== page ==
Next, you can put together a cost-benefit analysis. Research installation costs and incentives to get an idea of how much the project would cost. You can then ask your fellow tenants how much they would be willing to pay for charging in the form of a rent hike or other billing option.

You can also highlight benefits such as reducing the community’s environmental footprint, improving tenant retention, and positioning the property management company as a green leader.

Presenting your landlord with case studies based on other rental properties can be a powerful argument. Look for properties that offer EV charging in your area and contact them to ask a few questions about costs and benefits.

The Road Ahead for Apartment EV Charging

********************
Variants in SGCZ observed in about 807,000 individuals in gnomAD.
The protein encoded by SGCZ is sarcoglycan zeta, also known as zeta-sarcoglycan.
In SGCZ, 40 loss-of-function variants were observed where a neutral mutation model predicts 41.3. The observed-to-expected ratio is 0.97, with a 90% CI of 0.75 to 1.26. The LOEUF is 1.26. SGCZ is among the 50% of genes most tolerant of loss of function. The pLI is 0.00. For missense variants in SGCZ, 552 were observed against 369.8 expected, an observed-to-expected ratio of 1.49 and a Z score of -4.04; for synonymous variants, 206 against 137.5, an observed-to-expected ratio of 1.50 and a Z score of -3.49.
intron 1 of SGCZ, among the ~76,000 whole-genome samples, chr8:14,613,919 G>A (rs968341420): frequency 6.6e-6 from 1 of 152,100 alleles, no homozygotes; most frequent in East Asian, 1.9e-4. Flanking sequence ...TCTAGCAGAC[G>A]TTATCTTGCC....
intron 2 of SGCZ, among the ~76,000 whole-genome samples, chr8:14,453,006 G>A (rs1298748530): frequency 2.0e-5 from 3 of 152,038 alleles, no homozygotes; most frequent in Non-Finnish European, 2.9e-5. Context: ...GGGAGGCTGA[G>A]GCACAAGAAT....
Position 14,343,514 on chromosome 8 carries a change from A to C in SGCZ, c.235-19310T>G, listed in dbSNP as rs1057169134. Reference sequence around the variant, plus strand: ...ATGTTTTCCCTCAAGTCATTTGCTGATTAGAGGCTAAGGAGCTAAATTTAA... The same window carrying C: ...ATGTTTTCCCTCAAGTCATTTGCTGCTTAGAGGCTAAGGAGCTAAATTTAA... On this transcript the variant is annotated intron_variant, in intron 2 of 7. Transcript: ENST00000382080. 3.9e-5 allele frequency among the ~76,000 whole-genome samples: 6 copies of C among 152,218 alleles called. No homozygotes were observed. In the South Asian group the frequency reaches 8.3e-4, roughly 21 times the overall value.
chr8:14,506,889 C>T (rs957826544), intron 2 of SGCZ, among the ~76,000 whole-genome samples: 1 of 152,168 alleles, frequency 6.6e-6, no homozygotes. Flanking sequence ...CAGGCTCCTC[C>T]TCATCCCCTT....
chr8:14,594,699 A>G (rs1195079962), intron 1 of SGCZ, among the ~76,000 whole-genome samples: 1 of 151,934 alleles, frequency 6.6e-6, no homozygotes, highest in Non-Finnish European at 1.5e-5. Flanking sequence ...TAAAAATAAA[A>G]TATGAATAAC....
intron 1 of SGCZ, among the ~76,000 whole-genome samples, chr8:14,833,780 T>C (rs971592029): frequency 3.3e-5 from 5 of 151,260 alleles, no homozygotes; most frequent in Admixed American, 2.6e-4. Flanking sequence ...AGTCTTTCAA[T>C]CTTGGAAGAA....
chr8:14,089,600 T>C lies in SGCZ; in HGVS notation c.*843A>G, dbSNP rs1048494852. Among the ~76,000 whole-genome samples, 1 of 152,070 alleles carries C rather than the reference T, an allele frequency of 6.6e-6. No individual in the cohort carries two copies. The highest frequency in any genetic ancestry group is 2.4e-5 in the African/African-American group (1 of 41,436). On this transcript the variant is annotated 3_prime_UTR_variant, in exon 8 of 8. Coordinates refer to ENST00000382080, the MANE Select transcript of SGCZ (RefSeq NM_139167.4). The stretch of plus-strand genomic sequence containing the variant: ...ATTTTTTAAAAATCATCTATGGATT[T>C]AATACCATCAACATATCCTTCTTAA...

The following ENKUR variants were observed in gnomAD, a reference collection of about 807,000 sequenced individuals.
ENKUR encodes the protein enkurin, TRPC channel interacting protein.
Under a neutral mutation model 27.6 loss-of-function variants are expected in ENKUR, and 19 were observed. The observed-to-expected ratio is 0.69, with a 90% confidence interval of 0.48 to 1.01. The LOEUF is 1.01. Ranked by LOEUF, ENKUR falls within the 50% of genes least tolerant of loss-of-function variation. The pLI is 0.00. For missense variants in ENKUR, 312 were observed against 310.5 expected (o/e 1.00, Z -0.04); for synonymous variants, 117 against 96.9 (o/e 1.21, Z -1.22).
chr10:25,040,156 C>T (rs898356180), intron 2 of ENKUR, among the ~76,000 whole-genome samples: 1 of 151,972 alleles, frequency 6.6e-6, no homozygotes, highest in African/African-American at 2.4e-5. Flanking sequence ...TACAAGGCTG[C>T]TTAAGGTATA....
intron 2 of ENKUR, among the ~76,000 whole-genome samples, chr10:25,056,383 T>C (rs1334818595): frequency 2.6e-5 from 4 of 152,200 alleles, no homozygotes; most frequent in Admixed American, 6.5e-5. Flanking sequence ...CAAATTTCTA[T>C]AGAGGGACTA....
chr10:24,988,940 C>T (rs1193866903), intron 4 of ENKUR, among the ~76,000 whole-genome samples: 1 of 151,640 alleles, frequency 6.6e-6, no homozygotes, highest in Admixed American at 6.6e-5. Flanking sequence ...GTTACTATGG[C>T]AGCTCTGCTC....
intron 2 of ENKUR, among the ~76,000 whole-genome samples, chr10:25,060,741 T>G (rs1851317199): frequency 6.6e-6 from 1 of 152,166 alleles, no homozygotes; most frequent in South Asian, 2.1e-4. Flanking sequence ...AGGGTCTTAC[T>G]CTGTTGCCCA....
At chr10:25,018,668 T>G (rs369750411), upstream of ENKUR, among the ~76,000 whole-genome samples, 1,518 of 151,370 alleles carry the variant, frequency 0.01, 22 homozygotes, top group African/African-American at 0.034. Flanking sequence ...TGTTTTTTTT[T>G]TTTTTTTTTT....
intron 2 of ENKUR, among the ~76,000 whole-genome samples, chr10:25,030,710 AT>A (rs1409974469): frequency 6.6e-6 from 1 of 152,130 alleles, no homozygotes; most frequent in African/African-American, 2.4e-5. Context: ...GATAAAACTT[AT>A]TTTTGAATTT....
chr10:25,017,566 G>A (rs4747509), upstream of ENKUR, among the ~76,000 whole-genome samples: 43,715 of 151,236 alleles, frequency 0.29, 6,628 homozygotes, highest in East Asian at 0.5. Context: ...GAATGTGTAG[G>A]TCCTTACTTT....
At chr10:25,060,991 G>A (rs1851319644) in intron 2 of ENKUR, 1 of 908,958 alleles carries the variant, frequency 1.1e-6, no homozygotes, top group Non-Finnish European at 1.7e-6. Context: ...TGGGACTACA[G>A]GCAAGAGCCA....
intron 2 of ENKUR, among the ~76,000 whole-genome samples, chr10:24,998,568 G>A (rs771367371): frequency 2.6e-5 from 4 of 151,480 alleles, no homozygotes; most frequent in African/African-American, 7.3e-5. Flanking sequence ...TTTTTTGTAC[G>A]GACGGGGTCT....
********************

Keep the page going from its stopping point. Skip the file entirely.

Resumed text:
EV apartment charging is still in its early stages, but properties who act now will find themselves ahead of their competition. Residents can partner with landlords and share information about tenant interest and the benefits of installing EV charging stations, such as gaining a competitive edge or improving tenant retention. Once your landlord is ready for the next step in your community’s electrification journey, refer them to Qmerit.

With the largest network of certified installers in the U.S. and Canada, Qmerit’s network has installed over 269,000 EV chargers and is the most trusted partner in North America when it comes to EV charger installation and other energy transition services. A qualified technician from Qmerit’s network can assess the rental property and create a roadmap to electrification. Find out more about EV charging in multifamily buildings and how Qmerit can help by contacting Qmerit today!

Author: Greg Sowder Greg Sowder President, Qmerit Network